Web-based health insurance portals get Senate committee nod

Legislation would set up Web exchanges, offers incentives

The Senate Finance Committee has approved a health care reform bill that includes several health information technology provisions: It would create Web-based health insurance exchanges, create incentives for electronic health records (EHRs) and increase the use of quality measures, which typically require aggregate data.

The Web portals “would make purchasing health insurance coverage easier and more understandable by using the Internet to give consumers information about available plans,” the committee said after approving the bill Oct.13.

The Web-based portals would offer standardized enrollment applications, standard forms to compare coverage from various plans, and a call center for customer support. The portals would also allow consumers to find out if they are eligible for tax credits or subsidies to reduce the cost of their coverage. Small firms would have access to Small Business Health Options Program exchanges, also Web portals, that would make it easier to purchase and compare coverage for their employees.

The goal with the Web portals is to increase competition and availability of plans in the marketplace, the committee said. Currently, insurers operate under a patchwork of state laws, so the idea is to standardize the rules so that more insurers can compete in more states.

The measure also would create incentives for health care providers to use EHRs. Also, the legislation would continue to make available financial incentives to doctors' offices and hospitals that buy certified EHR systems, the program started under the economic stimulus law, according to Bartlett Cleland, senior policy director with TechAmerica, a trade organization that represents IT companies.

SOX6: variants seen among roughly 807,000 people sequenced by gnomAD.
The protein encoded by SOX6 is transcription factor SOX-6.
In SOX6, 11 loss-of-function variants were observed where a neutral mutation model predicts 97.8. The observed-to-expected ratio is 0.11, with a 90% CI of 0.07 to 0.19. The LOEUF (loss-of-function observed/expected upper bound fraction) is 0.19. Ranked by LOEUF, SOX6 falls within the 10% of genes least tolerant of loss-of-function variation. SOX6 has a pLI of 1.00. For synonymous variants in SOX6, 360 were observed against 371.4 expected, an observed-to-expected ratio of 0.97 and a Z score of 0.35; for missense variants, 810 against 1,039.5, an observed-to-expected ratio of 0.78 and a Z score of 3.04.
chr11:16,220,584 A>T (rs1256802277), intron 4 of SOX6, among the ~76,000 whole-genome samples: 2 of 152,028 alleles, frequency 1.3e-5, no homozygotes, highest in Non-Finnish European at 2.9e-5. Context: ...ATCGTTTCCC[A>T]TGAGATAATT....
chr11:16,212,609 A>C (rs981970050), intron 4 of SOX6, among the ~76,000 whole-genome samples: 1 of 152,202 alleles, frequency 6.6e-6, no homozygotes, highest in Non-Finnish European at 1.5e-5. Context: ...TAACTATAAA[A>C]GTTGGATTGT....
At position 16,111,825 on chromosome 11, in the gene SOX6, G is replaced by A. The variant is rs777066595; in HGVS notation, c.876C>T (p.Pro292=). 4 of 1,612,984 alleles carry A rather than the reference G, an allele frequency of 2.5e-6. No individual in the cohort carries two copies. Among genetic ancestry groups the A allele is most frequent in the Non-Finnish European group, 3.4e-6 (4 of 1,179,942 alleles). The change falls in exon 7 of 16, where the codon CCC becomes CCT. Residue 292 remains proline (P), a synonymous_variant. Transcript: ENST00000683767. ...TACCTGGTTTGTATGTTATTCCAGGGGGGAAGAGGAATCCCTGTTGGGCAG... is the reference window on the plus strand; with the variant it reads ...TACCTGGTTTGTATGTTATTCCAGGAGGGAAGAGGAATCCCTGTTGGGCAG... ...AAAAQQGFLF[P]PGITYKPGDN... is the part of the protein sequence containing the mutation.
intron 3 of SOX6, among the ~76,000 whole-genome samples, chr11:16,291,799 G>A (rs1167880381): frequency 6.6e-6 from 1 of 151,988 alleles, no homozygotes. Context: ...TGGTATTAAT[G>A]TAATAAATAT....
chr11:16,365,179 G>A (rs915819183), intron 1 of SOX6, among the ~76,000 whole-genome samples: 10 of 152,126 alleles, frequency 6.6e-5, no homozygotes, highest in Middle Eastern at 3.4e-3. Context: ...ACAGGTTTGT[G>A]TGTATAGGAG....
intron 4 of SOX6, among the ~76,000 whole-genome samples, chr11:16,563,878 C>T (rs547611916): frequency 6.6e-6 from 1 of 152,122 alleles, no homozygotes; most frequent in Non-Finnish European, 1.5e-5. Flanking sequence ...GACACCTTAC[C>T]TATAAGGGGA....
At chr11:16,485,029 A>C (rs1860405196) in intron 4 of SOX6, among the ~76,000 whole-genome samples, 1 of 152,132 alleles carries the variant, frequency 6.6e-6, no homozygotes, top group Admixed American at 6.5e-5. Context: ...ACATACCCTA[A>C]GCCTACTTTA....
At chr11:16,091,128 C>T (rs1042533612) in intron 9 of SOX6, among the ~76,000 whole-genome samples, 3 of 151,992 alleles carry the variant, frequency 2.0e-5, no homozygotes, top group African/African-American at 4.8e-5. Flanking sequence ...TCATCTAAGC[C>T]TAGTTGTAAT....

“There are additional incentives [in the bill] for electronic health records,” Cleland said today. The bill takes some of the economic stimulus law incentives and “makes them permanent,” he said.

The bill also would give bonus payments to Medicare Advantage providers based on their performance of on quality measures and the operation of evidence-based care management plans. Typically, IT systems are needed to aggregate data on such measures.

There also is a provision to implement delivery system reforms, including value-based purchasing, which also involves IT systems.

The Obama administration earlier this year put at least $19 billion in incentives for EHR programs in the economic stimulus law. Advocates for health IT have been urging Congress to include EHR provisions in the health care reform package.

The major provisions of the bill would expand the availability of insurance coverage by requiring individuals to buy insurance; enlarge Medicaid; provide subsidies to families to buy insurance; and prohibit insurers from withholding coverage to individuals with pre-existing problems.

About the Author

Alice Lipowicz is a staff writer covering government 2.0, homeland security and other IT policies for Federal Computer Week.


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